They heard the sound of the Lord God walking in the garden in the cool of the day, and the man and his wife hid themselves from the presence of the Lord God among the trees of the garden.
Yesterday I crawled into bed at 8:15 pm. When I woke up at 7:45 the world felt fresh, clean, and new – until I realized I have a Rhetorical Theory paper on Ways of Seeing due soon. This paper I would be most unwise to put off, as the book has both stymied and frustrated me beyond words. I can only imagine the vast joy I will experience given the number of hours such a paper will deserve.
Yet although such a paper really does demand many hours of diligent thinking and writing, I know much of the class – perhaps up to 50% – will leave it until the day or night before. Perhaps some of the papers will even start their existence in the few hours before that noon class. What does this say about me? Last time, despite my diligence in writing multiple drafts and careful editing, the professor disliked my work, resulting in a most negative grade (and feeling when I saw that grade). Since then we have turned in another paper, which I practically sweated blood to get right; my knees knock at the thought of her handing it back to us, my damp fingers flipping to the last page, eyes skittering down to the bottom, heart sinking… So how is it that so many people throw something together at the last minute? Do they have no respect for the value of their own work? Is it laziness? Disinclination to suffer longer than they have to? Incapability to actually behave responsibly? What makes a person decide that entertaining oneself over the weekend instead of working is the wise, or if not wise at least the correct, decision? College isn’t about fun. It’s about the fact that we pay almost $40,000 a year to live and learn here, so that wasting that time playing is wasting that money most extravagantly.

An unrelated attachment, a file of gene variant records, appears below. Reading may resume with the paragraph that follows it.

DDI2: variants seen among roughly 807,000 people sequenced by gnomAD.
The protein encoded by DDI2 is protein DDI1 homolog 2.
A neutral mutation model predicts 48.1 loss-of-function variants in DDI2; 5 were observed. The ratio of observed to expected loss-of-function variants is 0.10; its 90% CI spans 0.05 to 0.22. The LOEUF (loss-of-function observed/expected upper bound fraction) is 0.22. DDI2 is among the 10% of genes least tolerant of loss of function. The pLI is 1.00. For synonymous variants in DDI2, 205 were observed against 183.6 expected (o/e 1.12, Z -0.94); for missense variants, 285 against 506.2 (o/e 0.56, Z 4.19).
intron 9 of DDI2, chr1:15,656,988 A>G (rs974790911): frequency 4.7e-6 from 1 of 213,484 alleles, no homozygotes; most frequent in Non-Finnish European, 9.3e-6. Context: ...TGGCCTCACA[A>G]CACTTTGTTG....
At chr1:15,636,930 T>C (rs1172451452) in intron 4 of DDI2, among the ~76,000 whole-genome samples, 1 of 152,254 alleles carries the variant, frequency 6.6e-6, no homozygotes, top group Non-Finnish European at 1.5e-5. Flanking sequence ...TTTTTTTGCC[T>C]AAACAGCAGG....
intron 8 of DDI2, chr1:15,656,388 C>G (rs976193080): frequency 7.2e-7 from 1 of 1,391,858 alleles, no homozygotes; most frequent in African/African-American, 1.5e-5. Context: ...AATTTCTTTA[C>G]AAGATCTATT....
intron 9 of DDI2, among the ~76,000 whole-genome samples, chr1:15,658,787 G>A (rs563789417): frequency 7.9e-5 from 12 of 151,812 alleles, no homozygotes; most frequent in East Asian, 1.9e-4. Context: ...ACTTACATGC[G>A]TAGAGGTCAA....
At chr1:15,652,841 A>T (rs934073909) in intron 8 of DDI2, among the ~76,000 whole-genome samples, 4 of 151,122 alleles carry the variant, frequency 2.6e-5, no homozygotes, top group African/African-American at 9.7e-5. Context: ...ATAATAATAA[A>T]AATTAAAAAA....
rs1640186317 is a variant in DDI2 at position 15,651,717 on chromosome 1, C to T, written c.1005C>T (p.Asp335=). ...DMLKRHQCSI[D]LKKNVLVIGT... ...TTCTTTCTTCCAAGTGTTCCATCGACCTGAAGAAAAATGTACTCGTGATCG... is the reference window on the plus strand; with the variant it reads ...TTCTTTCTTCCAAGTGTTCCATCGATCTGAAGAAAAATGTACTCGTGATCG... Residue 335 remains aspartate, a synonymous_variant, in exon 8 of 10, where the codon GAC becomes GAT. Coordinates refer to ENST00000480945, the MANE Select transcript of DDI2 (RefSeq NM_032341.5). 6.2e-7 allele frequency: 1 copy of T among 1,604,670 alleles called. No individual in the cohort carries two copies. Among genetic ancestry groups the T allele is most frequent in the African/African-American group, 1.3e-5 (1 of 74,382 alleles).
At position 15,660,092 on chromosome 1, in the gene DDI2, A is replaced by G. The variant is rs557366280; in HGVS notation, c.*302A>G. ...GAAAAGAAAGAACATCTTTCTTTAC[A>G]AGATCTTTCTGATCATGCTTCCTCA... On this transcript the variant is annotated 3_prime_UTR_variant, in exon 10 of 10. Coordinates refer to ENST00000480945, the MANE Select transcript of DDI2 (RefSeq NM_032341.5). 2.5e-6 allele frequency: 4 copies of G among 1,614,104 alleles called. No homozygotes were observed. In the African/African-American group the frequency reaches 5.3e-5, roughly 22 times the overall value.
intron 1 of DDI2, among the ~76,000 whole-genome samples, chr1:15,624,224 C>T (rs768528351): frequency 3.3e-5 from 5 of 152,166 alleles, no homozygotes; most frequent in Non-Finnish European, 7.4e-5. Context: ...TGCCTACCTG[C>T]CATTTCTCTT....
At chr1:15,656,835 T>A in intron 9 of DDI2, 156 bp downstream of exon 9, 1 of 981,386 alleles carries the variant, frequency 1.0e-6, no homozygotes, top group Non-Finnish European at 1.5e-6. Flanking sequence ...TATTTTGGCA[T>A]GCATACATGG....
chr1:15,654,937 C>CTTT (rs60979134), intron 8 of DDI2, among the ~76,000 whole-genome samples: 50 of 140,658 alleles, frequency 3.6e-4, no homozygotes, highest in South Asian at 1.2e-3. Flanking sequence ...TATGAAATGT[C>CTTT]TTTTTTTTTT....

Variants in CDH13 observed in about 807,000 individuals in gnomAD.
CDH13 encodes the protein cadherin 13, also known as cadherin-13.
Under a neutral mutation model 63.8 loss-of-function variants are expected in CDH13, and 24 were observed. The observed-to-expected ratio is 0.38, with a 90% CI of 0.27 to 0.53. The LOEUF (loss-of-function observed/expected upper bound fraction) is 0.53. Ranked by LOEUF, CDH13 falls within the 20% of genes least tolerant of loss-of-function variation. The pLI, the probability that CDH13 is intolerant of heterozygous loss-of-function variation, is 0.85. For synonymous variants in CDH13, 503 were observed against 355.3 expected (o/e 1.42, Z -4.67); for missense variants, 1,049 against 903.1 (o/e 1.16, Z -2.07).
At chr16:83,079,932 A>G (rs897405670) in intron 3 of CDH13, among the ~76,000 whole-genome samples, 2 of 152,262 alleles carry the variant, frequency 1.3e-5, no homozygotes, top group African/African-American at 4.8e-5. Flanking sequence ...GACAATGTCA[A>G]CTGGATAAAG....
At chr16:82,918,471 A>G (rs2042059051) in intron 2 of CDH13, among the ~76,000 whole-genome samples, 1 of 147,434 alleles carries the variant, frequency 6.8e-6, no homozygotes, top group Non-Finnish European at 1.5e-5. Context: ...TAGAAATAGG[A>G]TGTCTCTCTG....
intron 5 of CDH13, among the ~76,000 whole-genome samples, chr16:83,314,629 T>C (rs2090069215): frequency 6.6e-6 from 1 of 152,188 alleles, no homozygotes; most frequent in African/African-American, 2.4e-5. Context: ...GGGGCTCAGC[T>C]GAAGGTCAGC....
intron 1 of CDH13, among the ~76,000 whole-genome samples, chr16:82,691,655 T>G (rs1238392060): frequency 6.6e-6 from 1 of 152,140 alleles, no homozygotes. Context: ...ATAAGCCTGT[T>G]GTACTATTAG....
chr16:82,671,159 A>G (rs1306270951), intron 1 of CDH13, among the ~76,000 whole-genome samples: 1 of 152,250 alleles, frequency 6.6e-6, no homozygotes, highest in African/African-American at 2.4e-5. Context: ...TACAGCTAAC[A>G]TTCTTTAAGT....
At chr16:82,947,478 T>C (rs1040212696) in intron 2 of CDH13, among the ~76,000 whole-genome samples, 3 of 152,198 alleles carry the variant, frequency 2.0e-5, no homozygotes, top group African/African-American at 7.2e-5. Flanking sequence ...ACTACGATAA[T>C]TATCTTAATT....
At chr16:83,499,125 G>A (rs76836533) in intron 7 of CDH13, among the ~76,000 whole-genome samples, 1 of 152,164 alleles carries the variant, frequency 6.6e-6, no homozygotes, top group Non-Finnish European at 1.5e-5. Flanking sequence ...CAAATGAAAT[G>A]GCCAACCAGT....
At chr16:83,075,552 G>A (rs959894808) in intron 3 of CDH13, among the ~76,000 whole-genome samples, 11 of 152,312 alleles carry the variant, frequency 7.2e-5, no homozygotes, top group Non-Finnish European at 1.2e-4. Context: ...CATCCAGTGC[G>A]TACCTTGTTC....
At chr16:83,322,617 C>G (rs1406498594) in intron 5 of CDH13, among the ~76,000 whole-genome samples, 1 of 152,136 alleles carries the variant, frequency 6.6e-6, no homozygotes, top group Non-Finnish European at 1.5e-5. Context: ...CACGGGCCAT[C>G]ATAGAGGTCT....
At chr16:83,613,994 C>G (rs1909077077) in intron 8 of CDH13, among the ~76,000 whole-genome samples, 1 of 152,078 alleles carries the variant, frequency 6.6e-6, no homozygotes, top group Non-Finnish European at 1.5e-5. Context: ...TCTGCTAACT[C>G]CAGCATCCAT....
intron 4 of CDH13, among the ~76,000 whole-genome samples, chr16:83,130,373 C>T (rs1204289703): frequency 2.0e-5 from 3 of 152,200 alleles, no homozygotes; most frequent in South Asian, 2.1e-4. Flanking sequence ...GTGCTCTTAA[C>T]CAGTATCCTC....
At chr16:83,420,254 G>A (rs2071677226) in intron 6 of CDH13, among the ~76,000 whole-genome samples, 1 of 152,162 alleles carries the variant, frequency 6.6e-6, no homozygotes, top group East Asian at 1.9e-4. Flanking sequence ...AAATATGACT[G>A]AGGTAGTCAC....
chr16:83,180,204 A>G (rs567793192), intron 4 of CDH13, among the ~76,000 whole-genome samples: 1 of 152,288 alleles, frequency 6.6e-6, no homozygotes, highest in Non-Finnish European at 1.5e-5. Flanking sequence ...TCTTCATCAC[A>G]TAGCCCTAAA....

Some of this view may come from my recent experiences in my ethics class. I have increasingly realized that regardless of the number of safety nets, rules, regulations, peer-reviews, and codes of ethics surrounding a topic, ultimate responsibility falls on the individual. A person of impeccable character will not need the rules to do the right thing in a difficult situation, while a person of bad personal values is sure to disregard codes of ethics anyway. I’ve just felt that the responsibility for behaving morally, accepting the necessity to live an ethical life, must come down to the individual. Personal responsibility isn’t called personal for nothing.
– KF –